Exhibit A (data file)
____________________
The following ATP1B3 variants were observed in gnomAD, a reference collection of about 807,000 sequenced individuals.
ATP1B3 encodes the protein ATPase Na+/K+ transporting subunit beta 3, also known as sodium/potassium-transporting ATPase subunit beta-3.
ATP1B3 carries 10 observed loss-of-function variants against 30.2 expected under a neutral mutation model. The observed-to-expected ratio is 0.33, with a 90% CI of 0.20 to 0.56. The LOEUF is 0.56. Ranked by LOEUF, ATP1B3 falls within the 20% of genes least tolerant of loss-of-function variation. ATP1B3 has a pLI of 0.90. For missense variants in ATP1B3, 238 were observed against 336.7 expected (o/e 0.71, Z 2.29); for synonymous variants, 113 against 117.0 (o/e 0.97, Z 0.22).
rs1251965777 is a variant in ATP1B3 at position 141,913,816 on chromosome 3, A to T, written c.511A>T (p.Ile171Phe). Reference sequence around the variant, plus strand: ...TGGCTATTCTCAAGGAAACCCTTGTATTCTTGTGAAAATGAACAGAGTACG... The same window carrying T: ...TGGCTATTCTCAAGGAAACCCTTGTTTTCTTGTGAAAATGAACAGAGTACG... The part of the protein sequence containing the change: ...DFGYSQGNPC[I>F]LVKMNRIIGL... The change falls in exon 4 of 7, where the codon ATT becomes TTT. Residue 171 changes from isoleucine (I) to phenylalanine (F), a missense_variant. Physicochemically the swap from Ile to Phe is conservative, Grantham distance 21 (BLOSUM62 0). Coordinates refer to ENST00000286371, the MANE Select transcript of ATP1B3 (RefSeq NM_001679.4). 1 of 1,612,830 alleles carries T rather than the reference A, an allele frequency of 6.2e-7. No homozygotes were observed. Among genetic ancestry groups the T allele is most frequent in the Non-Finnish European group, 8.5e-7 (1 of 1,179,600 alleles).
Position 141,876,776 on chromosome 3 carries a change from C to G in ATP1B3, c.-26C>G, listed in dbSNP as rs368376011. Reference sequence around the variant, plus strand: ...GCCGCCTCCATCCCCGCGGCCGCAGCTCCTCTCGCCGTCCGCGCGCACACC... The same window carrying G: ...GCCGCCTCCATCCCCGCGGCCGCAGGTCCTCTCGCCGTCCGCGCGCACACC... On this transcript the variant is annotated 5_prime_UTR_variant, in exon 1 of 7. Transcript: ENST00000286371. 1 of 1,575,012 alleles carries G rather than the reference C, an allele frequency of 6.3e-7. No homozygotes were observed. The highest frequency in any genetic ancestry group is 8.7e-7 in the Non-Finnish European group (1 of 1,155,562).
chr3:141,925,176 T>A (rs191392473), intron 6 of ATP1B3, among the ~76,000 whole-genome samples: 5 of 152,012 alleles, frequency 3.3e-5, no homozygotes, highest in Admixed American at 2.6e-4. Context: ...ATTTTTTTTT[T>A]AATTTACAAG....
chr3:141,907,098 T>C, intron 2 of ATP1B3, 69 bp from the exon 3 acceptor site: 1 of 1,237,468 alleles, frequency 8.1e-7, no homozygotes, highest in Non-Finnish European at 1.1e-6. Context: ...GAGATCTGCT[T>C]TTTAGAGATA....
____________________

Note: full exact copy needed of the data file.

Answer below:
The following ATP1B3 variants were observed in gnomAD, a reference collection of about 807,000 sequenced individuals.
ATP1B3 encodes the protein ATPase Na+/K+ transporting subunit beta 3, also known as sodium/potassium-transporting ATPase subunit beta-3.
ATP1B3 carries 10 observed loss-of-function variants against 30.2 expected under a neutral mutation model. The observed-to-expected ratio is 0.33, with a 90% CI of 0.20 to 0.56. The LOEUF is 0.56. Ranked by LOEUF, ATP1B3 falls within the 20% of genes least tolerant of loss-of-function variation. ATP1B3 has a pLI of 0.90. For missense variants in ATP1B3, 238 were observed against 336.7 expected (o/e 0.71, Z 2.29); for synonymous variants, 113 against 117.0 (o/e 0.97, Z 0.22).
rs1251965777 is a variant in ATP1B3 at position 141,913,816 on chromosome 3, A to T, written c.511A>T (p.Ile171Phe). Reference sequence around the variant, plus strand: ...TGGCTATTCTCAAGGAAACCCTTGTATTCTTGTGAAAATGAACAGAGTACG... The same window carrying T: ...TGGCTATTCTCAAGGAAACCCTTGTTTTCTTGTGAAAATGAACAGAGTACG... The part of the protein sequence containing the change: ...DFGYSQGNPC[I>F]LVKMNRIIGL... The change falls in exon 4 of 7, where the codon ATT becomes TTT. Residue 171 changes from isoleucine (I) to phenylalanine (F), a missense_variant. Physicochemically the swap from Ile to Phe is conservative, Grantham distance 21 (BLOSUM62 0). Coordinates refer to ENST00000286371, the MANE Select transcript of ATP1B3 (RefSeq NM_001679.4). 1 of 1,612,830 alleles carries T rather than the reference A, an allele frequency of 6.2e-7. No homozygotes were observed. Among genetic ancestry groups the T allele is most frequent in the Non-Finnish European group, 8.5e-7 (1 of 1,179,600 alleles).
Position 141,876,776 on chromosome 3 carries a change from C to G in ATP1B3, c.-26C>G, listed in dbSNP as rs368376011. Reference sequence around the variant, plus strand: ...GCCGCCTCCATCCCCGCGGCCGCAGCTCCTCTCGCCGTCCGCGCGCACACC... The same window carrying G: ...GCCGCCTCCATCCCCGCGGCCGCAGGTCCTCTCGCCGTCCGCGCGCACACC... On this transcript the variant is annotated 5_prime_UTR_variant, in exon 1 of 7. Transcript: ENST00000286371. 1 of 1,575,012 alleles carries G rather than the reference C, an allele frequency of 6.3e-7. No homozygotes were observed. The highest frequency in any genetic ancestry group is 8.7e-7 in the Non-Finnish European group (1 of 1,155,562).
chr3:141,925,176 T>A (rs191392473), intron 6 of ATP1B3, among the ~76,000 whole-genome samples: 5 of 152,012 alleles, frequency 3.3e-5, no homozygotes, highest in Admixed American at 2.6e-4. Context: ...ATTTTTTTTT[T>A]AATTTACAAG....
chr3:141,907,098 T>C, intron 2 of ATP1B3, 69 bp from the exon 3 acceptor site: 1 of 1,237,468 alleles, frequency 8.1e-7, no homozygotes, highest in Non-Finnish European at 1.1e-6. Context: ...GAGATCTGCT[T>C]TTTAGAGATA....